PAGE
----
1. There does not appear to be a mechanism to re-sell them when they are rubbish (therefore allowing someone else to buy them second hand)
  2. There appear to be arbitrary limitations on lending them to others when they are brilliant.



To ‘lend’ a kindle book that you have purchased, with your money, and of which you are therefore the owner, the following rules apply:

You can lend a Kindle book to another reader for up to 14 days. The borrower does not need to own a Kindle device and can read the book after downloading a free Kindle reading app.

Note: A book can only be loaned one time.


One friend in all the world may be trusted to borrow the book. It’s very Lord of the Rings. Which few people will read in 14 days, so there’s not much point in lending that particular favourite.


It’s enough to make you question whether you have really bought an e-book, or are merely leasing it. Of course, you’re paying roughly the same price as you would for an old-school hard copy. And when we bought hard copies, it was traditional to ‘own’ them once the money had exchanged hands.


It’s always fun to bring up the time that Amazon surreptitiously and remotely deleted all copies of Orwell’s 1984, as though their customers had never bought 1984 and as though Amazon were unfamiliar with either 1984 or irony, and so I shall: Amazon once surreptitiously and remotely deleted all copies of Orwell’s 1984. 


So here’s the thing: I’m not advocating anyone breaks the law, but honest to sweet virtual Jesus lord and all the little e-books, the day they decided to sell us things that would not in fact be ours, did it not occur to them that people might laugh in their faces, flex their ingenuity, and find any way they could to screw them six ways to Sunday? It really should have occurred to someone. Because the only appropriate response to someone who asks you to ‘pay full price’ for something that they openly admit they do not intend to ‘sell you’ is the oh-so-modern ‘lol.’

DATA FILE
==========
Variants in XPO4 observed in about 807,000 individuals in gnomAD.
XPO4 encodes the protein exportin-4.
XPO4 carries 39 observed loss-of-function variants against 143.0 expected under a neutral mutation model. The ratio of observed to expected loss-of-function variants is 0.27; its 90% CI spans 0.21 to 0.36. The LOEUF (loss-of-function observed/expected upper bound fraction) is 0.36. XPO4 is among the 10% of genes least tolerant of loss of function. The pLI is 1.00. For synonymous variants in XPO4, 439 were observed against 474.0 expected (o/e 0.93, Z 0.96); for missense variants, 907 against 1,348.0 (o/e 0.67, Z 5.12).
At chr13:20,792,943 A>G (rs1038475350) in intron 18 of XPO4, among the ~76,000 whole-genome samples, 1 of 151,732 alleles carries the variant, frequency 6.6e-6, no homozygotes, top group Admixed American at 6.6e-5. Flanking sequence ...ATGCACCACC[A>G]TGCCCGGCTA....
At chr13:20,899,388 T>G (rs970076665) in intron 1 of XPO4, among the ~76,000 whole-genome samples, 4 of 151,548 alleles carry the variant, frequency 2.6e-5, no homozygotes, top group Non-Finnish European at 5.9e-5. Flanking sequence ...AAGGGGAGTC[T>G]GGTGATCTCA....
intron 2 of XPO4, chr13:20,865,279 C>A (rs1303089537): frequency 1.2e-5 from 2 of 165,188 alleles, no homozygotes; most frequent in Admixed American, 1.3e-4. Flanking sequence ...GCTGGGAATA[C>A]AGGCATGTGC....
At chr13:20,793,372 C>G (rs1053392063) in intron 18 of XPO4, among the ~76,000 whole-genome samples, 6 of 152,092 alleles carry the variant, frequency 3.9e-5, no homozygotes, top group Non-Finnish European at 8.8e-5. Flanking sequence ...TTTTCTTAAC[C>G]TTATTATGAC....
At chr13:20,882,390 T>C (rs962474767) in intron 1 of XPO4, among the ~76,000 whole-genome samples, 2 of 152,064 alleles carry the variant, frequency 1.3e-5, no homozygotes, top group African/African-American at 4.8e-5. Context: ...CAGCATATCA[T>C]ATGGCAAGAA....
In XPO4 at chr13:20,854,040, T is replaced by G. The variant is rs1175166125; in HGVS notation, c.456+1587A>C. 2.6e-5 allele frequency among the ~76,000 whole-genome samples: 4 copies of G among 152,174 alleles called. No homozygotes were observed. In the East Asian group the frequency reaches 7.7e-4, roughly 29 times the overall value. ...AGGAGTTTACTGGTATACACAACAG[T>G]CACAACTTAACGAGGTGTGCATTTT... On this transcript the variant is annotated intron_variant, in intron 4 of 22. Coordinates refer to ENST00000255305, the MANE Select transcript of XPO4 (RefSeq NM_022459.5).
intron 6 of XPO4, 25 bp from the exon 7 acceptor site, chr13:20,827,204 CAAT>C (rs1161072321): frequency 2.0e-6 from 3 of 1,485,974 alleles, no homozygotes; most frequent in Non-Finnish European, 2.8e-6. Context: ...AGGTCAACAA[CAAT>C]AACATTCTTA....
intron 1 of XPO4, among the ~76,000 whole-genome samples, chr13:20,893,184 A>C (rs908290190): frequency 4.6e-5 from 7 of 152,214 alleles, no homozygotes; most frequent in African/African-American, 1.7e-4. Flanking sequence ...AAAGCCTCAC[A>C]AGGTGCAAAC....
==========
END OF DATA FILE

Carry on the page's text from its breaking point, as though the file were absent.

Over the last few years, one quality has emerged above all others, when it comes to deciding to pay full price for a cultural artefact in order to support its creator. Whether I like the creator. It doesn’t mean they have to be ‘nice’ – I bloody hate ‘nice’. They might be interesting, or their cultural artefacts might be so compelling that I will ignore their crimes, their sins, their politics. There are lots of things to consider when hovering between the ‘buy new’ and ‘buy second hand’ or ‘don’t bother returning friend’s copy until they hunt you down with a weapon’ – the artist’s finances certainly come into play. I am more likely to financially support a band or an artist that I love when I think they might need the money.


And it turns out I’m a lot less likely to support those who whine about the moral squalor of reading while being poor.

Categories: Uncategorized
  1. April 29, 2014 at 5:31 pm

    Ouch, didn’t realise this about Pullman. Great post!

  2. September 29, 2014 at 9:25 am

    Right here you have fifty HD Desktop computer Wallpapers For Your Inspiration Abstract
    and 3D.